Romford’s Brookside Theatre’s Forever Dusty immortalises 1960s pop icon

PUBLISHED: 15:00 29 April 2017

Dusty Springfield. Pic: PA

Dusty Springfield. Pic: PA

PA Archive/PA Images

There are not many pop culture icons that are cooler than Dusty Springfield.

Katherine Ferguson as Dusty Springfield in Forever Dusty. Pic: Brookside TheatreKatherine Ferguson as Dusty Springfield in Forever Dusty. Pic: Brookside Theatre

With her peroxide blonde beehive hairstyle Dusty dominated the music charts in the 1960s and was one of the most successful female singers of the British Invasion.

Decades later her classic hit Son of a Preacher Man was immortalised in Tarantino’s 1994 film Pulp Fiction.

However the female star of the Swinging Sixties wasn’t always the epitome of confidence and style and a new play at Brookside Theatre, in Eastern Road, Romford, will take audiences on Dusty’s journey from an awkward teenager at Catholic school to queen of the charts.

Forever Dusty is a new musical by written by Kirsten Holly Smith and Jonathan Vankin, and directed by Jai Sepple. It runs from Wednesday to Saturday and audiences might be surprised by the singer’s humble roots.

Born to a British father and an Irish mother Dusty, real name Mary Isobel Catherine Bernadette O’Brien, was brought up in High Wycombe where she earned the nickname “Dusty” for playing football in the streets with boys.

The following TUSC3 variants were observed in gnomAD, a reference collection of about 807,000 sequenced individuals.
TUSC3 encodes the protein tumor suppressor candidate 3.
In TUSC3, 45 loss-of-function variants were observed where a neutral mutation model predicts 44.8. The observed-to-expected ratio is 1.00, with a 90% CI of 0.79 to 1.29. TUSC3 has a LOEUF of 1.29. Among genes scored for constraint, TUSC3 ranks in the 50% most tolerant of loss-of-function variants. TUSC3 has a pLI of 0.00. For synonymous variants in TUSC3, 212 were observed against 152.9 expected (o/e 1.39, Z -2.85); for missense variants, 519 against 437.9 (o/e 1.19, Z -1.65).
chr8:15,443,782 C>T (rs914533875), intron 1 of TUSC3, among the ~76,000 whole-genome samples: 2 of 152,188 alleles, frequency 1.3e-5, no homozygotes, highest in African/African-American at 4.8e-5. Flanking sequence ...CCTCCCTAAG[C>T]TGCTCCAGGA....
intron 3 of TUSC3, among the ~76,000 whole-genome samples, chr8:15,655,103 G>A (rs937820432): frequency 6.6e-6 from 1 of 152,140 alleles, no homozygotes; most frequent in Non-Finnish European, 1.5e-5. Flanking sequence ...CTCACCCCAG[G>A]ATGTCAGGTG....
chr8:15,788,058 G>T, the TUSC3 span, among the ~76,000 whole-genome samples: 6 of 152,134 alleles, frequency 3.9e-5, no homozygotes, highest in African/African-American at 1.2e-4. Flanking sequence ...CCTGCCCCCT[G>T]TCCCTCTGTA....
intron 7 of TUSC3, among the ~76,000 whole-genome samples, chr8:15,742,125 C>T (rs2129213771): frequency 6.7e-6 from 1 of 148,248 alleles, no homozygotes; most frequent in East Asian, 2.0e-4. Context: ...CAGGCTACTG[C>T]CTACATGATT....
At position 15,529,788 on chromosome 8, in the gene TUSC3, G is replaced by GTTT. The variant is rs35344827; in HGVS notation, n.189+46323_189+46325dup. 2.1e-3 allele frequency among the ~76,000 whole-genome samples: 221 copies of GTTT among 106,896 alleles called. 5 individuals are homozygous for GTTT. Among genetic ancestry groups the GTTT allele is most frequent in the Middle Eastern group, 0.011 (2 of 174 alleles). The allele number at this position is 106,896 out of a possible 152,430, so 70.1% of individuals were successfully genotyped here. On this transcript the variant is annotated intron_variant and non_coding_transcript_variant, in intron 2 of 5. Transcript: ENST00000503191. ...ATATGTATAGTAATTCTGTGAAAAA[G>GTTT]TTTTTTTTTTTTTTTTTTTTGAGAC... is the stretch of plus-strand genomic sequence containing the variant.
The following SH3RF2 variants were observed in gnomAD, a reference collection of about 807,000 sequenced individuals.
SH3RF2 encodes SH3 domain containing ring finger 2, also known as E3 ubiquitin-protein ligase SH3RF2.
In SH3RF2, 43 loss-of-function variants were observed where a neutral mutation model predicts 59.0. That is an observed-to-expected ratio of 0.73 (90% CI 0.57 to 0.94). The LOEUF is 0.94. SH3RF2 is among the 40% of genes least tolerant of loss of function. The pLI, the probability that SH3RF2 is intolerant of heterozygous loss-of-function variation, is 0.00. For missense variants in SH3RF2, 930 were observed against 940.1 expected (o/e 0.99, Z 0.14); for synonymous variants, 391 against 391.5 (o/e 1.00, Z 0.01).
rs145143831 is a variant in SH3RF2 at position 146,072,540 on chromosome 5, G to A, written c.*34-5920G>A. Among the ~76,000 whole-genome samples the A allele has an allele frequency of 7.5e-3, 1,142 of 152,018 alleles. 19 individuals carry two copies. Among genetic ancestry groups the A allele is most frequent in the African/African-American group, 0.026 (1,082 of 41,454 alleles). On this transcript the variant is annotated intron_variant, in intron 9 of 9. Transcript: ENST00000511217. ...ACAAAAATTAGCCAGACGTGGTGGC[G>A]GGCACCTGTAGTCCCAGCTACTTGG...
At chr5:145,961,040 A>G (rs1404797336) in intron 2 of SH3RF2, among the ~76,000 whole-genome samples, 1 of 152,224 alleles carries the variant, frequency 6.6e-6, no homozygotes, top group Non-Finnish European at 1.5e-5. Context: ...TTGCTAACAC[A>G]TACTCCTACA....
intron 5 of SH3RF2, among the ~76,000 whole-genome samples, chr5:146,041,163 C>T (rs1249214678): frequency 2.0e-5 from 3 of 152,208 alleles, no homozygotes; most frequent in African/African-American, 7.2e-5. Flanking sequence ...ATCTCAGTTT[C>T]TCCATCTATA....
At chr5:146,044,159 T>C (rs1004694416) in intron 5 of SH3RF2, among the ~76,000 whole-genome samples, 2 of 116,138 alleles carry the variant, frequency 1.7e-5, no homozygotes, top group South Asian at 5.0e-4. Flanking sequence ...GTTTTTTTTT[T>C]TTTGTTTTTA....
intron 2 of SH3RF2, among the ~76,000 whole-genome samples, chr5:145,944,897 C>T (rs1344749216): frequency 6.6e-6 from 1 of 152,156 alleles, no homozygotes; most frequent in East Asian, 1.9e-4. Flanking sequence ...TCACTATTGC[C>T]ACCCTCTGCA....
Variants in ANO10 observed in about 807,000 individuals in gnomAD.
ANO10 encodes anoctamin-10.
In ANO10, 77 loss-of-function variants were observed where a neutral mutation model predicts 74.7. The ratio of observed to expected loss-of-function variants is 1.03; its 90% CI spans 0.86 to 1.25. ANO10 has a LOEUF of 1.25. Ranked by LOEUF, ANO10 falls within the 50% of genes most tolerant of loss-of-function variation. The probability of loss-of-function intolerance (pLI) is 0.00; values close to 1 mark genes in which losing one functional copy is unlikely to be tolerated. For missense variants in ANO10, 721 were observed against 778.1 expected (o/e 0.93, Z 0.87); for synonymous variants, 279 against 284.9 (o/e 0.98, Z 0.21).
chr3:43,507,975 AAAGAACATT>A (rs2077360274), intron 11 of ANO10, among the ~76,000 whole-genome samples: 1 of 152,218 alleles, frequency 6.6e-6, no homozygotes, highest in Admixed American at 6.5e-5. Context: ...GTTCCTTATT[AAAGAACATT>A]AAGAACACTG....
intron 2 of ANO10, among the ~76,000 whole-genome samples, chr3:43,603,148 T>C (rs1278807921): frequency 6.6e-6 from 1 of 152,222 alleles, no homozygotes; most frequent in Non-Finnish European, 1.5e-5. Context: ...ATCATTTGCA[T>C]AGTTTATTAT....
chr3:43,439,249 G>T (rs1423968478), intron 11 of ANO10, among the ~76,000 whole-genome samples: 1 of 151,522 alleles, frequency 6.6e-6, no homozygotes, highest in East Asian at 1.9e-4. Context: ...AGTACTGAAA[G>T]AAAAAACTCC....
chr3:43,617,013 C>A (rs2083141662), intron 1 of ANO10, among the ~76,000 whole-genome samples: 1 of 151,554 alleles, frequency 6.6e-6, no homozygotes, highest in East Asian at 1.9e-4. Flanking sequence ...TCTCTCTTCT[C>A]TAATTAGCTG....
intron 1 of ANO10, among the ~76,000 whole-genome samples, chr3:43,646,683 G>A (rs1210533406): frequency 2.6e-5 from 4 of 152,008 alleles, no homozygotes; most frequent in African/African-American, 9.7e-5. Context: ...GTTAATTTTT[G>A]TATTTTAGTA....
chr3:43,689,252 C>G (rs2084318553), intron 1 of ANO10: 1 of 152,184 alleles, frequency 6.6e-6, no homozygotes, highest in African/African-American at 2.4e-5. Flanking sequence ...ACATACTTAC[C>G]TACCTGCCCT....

Known as tomboy the image of Dusty in her youth is worlds away from the glamorous star we all came to know.

Director Jai spoke of his excitement about bringing the star’s “complicated and compelling life story” to the stage.

“I’m truly excited to be part of the team bringing Forever Dusty to the UK,” said Jai. “Dusty Springfield was one of the most inspiring and soulful performers of the 20th century.

“Dusty transformed the music industry and paved the way for the likes of Adele and Amy Winehouse in a world that doesn’t often appreciate the magic of vocal performance and true melody.

“Being able to tell Dusty’s complicated and compelling life story through musical theatre is a gift.”

Katherine Ferguson, from Romford, has been cast in the lead role and is excited by the prospect of stepping into the Dusty’s shoes.

“I knew of her music because my parents used to play her songs and she has such a unique voice.

“When I saw the casting I thought I’ll give it a go because it’s such an iconic role.

“When I got the call I was in complete shock.

“It’s a lot of pressure because it’s called Forever Dusty but I’m ready to take on the role and the director Jai knows so much about her and wants to make sure the real facts are in the musical.

“It really does show her whole life and the parts of her life that maybe as an audience we didn’t get to see,” said the 25-year-old.

“It also concentrates on a lot of the issues around at that time like segregation and the fact that she was interested in boys and girls, there was all these issues going on and I think she had a lot of courage to go through all that.

“It’s a fantastic show and she’s such an inspirational woman we want to do her justice.”

Forever Dusty opens on Wednesday. Tickets are £17. Contact

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